'Pardon is deIined as "an act oI grace, proceeding Irom the power entrusted with the
execution oI the laws, which exempts the individual, on whom it is bestowed, Irom the
punishment the law inIlicts Ior a crime he has committed. It is the private, though oIIicial act oI
the executive magistrate, delivered to the individual Ior whose beneIit it is intended, and not
communicated oIIicially to the Court. ... A pardon is a deed, to the validity oI which delivery is
essential, and delivery is not complete without acceptance."
x x x
Such generalities have not been universally accepted, recognized or approved. The
modern trend oI authorities now rejects the unduly broad language oI the arland case (reputed
to be perhaps the most extreme statement which has been made on the eIIects oI a pardon. To
our mind, this is the more realistic approach. While a pardon has generally been regarded as
blotting out the existence oI guilt so that in the eye oI the law the oIIender is as innocent as
though he never committed the oIIense, it does not operate Ior all purposes. The very essence oI
a pardon is Iorgiveness or remission oI guilt. Pardon implies guilt. It does not erase the Iact oI
the commission oI the crime and the conviction thereoI. It does not wash out the moral stain. It
involves Iorgiveness and not IorgetIulness.
x x x
A pardon looks to the Iuture. It is not retrospective. It makes no amends Ior the past. It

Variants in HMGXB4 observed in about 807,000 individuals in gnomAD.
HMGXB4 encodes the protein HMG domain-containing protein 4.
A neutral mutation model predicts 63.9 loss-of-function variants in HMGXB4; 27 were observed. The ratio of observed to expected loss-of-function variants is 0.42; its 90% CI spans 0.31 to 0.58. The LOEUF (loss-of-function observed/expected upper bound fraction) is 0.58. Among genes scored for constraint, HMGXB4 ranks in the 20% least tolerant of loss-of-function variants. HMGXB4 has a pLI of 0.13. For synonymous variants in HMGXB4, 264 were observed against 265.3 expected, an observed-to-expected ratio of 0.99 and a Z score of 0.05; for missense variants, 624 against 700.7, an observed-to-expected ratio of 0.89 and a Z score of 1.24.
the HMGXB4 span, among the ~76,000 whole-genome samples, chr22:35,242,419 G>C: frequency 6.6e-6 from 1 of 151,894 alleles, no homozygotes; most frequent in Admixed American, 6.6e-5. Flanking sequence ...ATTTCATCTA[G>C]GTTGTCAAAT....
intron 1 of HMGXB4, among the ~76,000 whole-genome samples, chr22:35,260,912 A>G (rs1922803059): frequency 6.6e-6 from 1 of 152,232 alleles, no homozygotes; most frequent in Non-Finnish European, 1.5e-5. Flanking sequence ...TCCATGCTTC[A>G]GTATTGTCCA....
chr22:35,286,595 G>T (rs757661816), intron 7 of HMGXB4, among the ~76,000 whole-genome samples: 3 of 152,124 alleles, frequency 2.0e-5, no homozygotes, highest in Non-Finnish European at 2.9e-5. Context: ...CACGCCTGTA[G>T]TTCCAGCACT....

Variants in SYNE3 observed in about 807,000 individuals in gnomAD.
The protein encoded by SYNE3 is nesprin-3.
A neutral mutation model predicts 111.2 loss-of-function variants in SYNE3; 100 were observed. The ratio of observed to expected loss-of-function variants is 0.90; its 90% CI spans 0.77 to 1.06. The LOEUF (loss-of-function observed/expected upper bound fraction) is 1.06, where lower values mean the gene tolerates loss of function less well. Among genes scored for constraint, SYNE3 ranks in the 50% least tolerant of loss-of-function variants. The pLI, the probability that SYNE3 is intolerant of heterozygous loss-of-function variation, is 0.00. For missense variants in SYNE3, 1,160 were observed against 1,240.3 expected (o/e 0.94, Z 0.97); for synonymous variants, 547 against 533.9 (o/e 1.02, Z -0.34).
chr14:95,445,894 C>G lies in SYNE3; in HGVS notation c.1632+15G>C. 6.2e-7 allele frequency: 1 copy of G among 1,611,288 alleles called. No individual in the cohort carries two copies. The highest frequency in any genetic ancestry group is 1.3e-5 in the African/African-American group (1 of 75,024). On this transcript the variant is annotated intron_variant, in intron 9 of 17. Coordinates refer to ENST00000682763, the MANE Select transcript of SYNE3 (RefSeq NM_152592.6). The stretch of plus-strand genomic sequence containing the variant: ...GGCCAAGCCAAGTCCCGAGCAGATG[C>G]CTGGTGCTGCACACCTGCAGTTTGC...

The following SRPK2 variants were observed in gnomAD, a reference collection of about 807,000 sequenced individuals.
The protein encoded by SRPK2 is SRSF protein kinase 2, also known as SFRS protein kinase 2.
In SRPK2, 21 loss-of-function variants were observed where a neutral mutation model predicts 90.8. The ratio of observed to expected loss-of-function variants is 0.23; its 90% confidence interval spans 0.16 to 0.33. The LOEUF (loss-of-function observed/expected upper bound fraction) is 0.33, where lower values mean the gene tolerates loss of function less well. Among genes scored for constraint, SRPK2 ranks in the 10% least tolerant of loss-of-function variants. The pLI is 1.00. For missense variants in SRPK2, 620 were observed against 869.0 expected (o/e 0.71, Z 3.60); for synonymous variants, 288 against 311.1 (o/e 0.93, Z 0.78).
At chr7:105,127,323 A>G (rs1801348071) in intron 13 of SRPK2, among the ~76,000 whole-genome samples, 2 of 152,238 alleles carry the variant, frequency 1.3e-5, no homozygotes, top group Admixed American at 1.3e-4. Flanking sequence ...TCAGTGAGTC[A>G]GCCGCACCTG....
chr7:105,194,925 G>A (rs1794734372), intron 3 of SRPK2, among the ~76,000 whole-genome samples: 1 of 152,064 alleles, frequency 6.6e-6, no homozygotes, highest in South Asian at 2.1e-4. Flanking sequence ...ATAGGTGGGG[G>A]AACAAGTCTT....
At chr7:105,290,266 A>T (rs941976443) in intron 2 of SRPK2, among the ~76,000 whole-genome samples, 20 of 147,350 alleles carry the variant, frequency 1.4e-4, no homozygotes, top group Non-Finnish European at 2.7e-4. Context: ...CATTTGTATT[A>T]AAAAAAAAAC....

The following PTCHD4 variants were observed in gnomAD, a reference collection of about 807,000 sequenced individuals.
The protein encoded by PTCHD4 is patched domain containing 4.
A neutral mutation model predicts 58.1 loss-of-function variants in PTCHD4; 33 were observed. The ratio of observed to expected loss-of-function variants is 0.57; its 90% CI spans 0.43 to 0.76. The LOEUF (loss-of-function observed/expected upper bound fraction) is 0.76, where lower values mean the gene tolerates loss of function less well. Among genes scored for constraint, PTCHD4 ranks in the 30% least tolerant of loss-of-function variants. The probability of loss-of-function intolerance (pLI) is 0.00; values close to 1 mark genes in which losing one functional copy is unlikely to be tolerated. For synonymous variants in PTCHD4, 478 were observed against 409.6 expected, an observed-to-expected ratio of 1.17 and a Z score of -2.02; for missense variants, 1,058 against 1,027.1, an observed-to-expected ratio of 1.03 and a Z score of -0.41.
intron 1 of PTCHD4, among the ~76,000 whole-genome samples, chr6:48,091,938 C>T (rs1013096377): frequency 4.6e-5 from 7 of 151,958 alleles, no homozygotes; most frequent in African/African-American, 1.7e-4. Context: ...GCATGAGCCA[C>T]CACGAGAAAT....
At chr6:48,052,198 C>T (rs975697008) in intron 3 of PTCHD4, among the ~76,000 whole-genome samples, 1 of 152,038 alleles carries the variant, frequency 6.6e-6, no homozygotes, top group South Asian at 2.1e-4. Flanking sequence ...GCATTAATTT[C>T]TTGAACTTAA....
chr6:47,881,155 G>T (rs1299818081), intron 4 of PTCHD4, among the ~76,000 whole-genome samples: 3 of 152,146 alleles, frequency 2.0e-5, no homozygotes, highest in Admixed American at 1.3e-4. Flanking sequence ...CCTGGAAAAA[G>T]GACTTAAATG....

aIIords no relieI Ior what has been suIIered by the oIIender. It does not impose upon the
government any obligation to make reparation Ior what has been suIIered. "Since the oIIense has
been established by judicial proceedings, that which has been done or suIIered while they were
in Iorce is presumed to have been rightIully done and justly suIIered, and no satisIaction Ior it
can be required." This would explain why petitioner, though pardoned, cannot be entitled to
receive backpay Ior lost earnings and beneIits.
x x x
The rationale is plainly evident Public oIIices are intended primarily Ior the collective
protection, saIety and beneIit oI the common good. They cannot be compromised to Iavor private
interests. To insist on automatic reinstatement because oI a mistaken notion that the pardon
virtually acquitted one Irom the oIIense oI estaIa would be grossly untenable. A pardon, albeit
Iull and plenary, cannot preclude the appointing power Irom reIusing appointment to anyone
deemed to be oI bad character, a poor moral risk, or who is unsuitable by reason oI the pardoned
conviction.
For petitioner Monsanto, this is the bottom line: the absolute disqualiIication or
ineligibility Irom public oIIice Iorms part oI the punishment prescribed by the Revised Penal
Code Ior estaIa thru IalsiIication oI public documents. It is clear Irom the authorities reIerred to
that when her guilt and punishment were expunged by her pardon, this particular disability was
likewise removed. HenceIorth, petitioner may apply Ior reappointment to the oIIice which was
IorIeited by reason oI her conviction. And in considering her qualiIications and suitability Ior the
public post, the Iacts constituting her oIIense must be and should be evaluated and taken into
account to determine ultimately whether she can once again be entrusted with public Iunds.
Stated diIIerently, the pardon granted to petitioner has resulted in removing her disqualiIication
Irom holding public employment but it cannot go beyond that. To regain her Iormer post as
assistant city treasurer, she must re-apply and undergo the usual procedure required Ior a new
appointment.
x x x

Decision:
WHEREFORE, the assailed resolution oI Iormer Deputy Executive Secretary Fulgencio
S. Factoran, Jr., dated April 15, 1986, is AFFIRMED. No costs.